Foreign investors hold down U.S. mortgage ratesby Peter Miller
The answer is “absolutely.”
A new study by the National Association of Realtors estimates that foreign purchases of U.S. real estate amounted to $41 billion in the one year period that ended in March. That’s about 3.8 percent of all existing home sales.
In addition, recent immigrants–those who have been in the U.S. for less than two years–purchased property worth another $41 billion, according to the study.
In effect, internationally oriented sales amounted to about 7.6 percent of the market.
This is a big number in several respects:
First, we need as many transactions as possible to support a housing market which is less than robust.
Second, can you imagine the pricing impact if the number of interested buyers fell by 7.6 percent? Falling home prices would fall even more.
What attracts international buyers?
Homes in this country are less expensive than comparable foreign properties, are viewed as a secure investment, and provide rental and long term appreciation possibilities.
Actually, though, real estate purchases largely understate the impact of foreign capital.
Go back to 2007 when the subprime crisis began to hit. A major problem was the issue of liquidity, the need for cash. For a number of large U.S. financial institutions, the answer was to get money from abroad. As an example, Citigroup got $7.5 billion from the Abu Dhabi Investment Authority in exchange for a 4.9 percent interest in the company.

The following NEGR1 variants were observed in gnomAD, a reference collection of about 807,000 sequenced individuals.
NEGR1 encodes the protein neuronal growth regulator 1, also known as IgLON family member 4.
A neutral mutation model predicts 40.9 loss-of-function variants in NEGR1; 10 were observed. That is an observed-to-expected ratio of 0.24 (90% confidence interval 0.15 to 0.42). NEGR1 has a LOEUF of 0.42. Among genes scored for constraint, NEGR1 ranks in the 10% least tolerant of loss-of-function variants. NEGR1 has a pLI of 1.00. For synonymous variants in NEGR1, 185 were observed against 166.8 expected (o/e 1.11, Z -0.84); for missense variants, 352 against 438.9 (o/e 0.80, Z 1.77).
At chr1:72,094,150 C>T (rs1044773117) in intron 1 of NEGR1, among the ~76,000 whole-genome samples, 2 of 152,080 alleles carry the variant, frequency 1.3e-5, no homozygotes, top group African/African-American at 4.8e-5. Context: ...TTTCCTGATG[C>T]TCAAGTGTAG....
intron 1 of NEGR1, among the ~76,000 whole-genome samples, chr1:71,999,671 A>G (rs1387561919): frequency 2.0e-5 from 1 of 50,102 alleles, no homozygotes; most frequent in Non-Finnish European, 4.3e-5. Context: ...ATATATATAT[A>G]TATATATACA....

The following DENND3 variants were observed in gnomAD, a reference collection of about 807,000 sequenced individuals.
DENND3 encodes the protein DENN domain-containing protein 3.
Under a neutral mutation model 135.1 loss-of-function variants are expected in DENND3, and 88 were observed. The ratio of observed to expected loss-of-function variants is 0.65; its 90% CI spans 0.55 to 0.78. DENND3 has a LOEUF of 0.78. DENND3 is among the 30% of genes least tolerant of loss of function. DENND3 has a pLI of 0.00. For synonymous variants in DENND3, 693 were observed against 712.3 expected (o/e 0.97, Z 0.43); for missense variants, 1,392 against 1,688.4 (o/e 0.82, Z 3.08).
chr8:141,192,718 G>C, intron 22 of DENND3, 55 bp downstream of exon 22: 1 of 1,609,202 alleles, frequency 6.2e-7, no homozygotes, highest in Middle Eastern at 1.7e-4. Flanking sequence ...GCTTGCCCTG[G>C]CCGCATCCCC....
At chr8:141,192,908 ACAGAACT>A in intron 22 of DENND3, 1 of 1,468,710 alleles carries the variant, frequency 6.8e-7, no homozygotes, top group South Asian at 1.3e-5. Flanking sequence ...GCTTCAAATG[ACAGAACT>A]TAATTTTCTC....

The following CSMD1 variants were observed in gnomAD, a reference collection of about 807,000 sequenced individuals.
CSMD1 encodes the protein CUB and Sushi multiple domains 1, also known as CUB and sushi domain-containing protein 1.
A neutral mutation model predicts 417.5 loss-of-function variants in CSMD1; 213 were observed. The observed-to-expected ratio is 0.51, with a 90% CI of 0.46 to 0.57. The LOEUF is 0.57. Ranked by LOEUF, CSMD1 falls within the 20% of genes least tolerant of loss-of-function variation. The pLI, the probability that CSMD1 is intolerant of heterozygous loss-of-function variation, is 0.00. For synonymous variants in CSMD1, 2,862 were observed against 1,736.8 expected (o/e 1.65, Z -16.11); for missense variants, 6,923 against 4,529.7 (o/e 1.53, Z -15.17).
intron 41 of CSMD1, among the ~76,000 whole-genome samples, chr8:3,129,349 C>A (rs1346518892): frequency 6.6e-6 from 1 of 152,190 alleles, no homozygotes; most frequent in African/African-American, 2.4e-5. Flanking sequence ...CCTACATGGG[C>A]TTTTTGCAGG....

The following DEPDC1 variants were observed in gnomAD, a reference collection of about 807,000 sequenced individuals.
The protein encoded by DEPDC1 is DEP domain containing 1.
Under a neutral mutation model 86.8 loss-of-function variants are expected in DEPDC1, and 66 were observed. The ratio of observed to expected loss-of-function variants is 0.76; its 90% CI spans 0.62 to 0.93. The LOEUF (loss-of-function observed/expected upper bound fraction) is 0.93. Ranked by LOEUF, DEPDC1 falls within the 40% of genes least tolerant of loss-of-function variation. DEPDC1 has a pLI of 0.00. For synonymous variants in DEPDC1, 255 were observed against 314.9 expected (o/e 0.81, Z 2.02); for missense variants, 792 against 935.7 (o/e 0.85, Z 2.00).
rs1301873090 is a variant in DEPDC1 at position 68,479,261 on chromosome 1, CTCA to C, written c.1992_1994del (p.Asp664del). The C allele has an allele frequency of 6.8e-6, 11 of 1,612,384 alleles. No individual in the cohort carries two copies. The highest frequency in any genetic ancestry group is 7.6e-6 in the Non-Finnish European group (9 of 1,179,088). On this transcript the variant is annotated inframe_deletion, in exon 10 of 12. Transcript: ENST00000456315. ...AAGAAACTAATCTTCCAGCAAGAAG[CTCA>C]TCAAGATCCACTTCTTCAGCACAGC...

The authority is an example of a sovereign wealth fund, a type of investment vehicle used by a number of countries to funnel national funds into various investments. The Abu Dhabi fund says it holds “between $650 billion to $875 billion, making ADIA the world-s largest sovereign wealth fund and the world’s second biggest institutional investor behind the Bank of Japan.”
Keeping mortgage rates subdued
The importance of the sovereign funds is that they not only seek equity interests in the U.S., they are also major buyers of mortgage-backed securities. This is good news for us in the sense that it keeps mortgage rates down.
Interestingly, there’s an argument to be made that sovereign wealth funds are virtually required to invest in the U.S.
Overseas investments in the U.S. are enormous because it’s in their interest to keep our economy strong. This means that when times get tough, sovereign wealth funds are likely to increase their funding here to acquire assets at a low price and to protect the U.S. investments they now have in place.
The other reason concerns security: The U.S. is a very safe place to invest. That’s important when one looks at the upheavals and uncertainties which mark much of the markets around the world.
We have to get the budget right
But, we have to ask if our good fortune will continue. We are now debating what to do about the budget and the deficit. The wrong answer could suddenly result in interest levels that are far higher than today’s mortgage rates.
Higher mortgage rates would mean that a certain number of ARM and home equity line of credit borrowers would quickly have steeper monthly payments. The inevitable result would be more foreclosures and less consumer spending.
It has been suggested that the impact of a default by the U.S. would not be a big deal, that worries are grossly overstated. This is nonsense. Just ask what happens when you don’t make a mortgage or credit card payment, and then multiply that by billions and billions of dollars.